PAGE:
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Suicide Education and Prevention

No suicide attempt should be dismissed or treated lightly

Bryan Health is a regional leader in mental health services. Education and prevention are vital ways we support our community. We are pleased to collaborate with the Nebraska State Suicide Prevention Coalition and others to provide suicide prevention awareness and education to our community, state and region.

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Bryan's Dr. David Miers and Zia Choudhry, MD, Discuss Suicide Prevention

Why Do People Commit Suicide?

A suicide attempt is a clear indication that something is gravely wrong in a person’s life. No matter the race or age of the person or how rich or poor they are, it is true that most people who commit suicide have a mental or emotional disorder. The most common underlying disorder is depression; 30 percent to 70 percent of suicide victims suffer depression or bipolar (manic-depressive) disorder.

Warning Signs of Someone Considering Suicide

Any one of these symptoms does not necessarily mean the person is suicidal, but several of these symptoms may signal a need for help:

  • Verbal suicide threats such as, “You’d be better off without me.” or “Maybe I won’t be around.”
  • Expressions of hopelessness and helplessness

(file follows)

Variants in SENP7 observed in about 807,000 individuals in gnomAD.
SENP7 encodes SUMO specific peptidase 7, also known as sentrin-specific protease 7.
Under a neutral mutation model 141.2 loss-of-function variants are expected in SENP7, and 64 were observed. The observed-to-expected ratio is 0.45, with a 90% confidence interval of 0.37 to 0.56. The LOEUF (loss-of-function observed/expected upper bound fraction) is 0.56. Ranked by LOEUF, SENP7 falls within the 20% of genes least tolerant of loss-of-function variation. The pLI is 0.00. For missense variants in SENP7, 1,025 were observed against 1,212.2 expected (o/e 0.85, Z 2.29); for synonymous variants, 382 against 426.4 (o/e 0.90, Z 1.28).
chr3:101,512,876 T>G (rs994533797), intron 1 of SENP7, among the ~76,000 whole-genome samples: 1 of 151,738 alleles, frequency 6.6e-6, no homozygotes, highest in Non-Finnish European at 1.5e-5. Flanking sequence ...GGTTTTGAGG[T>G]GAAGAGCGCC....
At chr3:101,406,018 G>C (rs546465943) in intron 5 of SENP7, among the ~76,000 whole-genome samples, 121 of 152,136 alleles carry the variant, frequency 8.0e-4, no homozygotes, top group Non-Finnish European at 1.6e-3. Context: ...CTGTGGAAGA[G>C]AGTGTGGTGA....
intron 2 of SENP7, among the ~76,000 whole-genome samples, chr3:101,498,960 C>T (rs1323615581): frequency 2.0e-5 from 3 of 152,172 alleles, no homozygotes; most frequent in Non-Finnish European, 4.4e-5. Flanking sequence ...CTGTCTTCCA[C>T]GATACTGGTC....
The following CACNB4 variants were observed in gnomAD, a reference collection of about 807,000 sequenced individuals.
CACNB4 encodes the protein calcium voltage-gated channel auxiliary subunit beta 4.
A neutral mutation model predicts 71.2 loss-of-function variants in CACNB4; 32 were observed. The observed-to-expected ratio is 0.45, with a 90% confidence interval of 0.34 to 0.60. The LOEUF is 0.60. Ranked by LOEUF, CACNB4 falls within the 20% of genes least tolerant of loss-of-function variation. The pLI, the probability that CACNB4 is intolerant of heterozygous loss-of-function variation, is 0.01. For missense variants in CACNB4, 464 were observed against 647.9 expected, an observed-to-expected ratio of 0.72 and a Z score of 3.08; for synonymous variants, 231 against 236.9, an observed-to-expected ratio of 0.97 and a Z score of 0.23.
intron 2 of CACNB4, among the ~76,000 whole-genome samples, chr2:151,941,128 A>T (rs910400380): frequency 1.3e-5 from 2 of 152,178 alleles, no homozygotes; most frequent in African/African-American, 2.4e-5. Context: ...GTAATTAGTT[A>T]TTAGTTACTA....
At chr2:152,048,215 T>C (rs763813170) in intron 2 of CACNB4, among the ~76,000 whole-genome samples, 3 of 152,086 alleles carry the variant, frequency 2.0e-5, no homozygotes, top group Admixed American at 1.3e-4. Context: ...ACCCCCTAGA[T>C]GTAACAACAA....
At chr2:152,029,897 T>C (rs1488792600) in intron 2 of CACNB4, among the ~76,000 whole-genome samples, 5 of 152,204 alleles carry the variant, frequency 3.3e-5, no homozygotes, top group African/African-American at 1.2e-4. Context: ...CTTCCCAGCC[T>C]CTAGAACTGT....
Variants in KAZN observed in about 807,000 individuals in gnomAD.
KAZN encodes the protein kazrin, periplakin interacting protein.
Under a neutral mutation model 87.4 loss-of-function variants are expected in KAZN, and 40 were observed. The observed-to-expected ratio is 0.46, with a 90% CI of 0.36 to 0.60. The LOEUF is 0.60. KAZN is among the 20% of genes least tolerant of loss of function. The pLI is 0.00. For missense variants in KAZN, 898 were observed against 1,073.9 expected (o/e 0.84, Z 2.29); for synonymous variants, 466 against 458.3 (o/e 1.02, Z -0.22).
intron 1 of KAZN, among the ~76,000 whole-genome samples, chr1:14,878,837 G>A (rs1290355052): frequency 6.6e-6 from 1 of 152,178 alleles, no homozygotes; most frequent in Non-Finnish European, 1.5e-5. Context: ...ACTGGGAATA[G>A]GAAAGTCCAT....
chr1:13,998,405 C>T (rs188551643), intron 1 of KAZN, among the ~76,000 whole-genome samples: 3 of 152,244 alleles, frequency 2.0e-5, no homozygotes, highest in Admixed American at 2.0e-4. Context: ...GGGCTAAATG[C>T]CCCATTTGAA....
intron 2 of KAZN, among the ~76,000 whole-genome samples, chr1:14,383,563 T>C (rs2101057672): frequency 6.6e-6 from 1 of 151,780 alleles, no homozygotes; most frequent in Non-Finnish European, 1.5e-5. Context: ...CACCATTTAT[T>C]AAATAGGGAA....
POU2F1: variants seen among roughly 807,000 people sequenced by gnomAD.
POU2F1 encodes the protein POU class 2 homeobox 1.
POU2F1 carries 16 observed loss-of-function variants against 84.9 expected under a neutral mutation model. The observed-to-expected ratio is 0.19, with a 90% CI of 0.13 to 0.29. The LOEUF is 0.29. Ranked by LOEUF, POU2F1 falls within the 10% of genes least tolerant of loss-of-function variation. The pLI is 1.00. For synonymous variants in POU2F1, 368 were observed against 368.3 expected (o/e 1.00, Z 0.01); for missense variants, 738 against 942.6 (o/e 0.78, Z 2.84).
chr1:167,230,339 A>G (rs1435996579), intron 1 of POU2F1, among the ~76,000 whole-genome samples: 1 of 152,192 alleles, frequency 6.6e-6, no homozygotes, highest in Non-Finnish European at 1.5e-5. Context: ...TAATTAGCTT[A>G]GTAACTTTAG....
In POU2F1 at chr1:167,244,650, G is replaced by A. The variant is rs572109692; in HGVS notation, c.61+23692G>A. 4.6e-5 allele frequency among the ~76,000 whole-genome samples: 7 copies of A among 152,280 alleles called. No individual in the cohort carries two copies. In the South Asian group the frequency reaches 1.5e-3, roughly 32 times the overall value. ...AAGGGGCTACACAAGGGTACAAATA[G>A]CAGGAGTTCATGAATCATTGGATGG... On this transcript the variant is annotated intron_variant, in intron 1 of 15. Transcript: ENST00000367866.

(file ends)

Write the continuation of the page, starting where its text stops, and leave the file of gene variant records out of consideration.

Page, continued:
• Previous suicide attempts
  • Daring or risk-taking behavior
  • Personality changes
  • Depression
  • Giving away prized possessions
  • Lack of interest in future plans

Remember

Eight out of 10 suicidal people give some sign of their intentions. People who talk about suicide, threaten to commit suicide, or call suicide crisis centers are 30 times more likely than average to kill themselves.

What to Do if You Think Someone is Suicidal

Trust your instincts that the person may be in trouble. Talk with the person about your concerns. Communication must include LISTENING.

  • Ask direct questions without being judgmental. Determine if the person has a specific plan to carry out the suicide
  • The more detailed the plan, the greater the risk
  • Do not counsel the person yourself
  • Get professional help, even if the person resists
  • Do not leave the person alone
  • Remove any likely methods of self-harm or suicide
  • Do not swear to secrecy
  • Do not act shocked or judgmental
  • Don’t worry. Talking about suicide does not increase the risk of suicide

Providing a Safe Home for a Person Who May Be Suicidal

Steps you can take to make your home safe:

  • Alcohol: Remove from the home or limit amounts available
  • Firearms: Restrict or prevent access to weapons. When possible, remove weapons from the property
  • Vehicles: Prevent easy access to transportation
  • Ensure that poisons and pesticides are locked up or removed
  • Medications: Supervise the taking of medications
  • Do not discontinue medication without discussing the decision with the doctor
  • Dispose of unused or out-of-date medications
  • Get only a minimal amount of prescription medications

Resources

  • Clergy
  • Mental health professionals
  • Medical professionals
  • School counselors
  • Law-enforcement agencies

Additional resources

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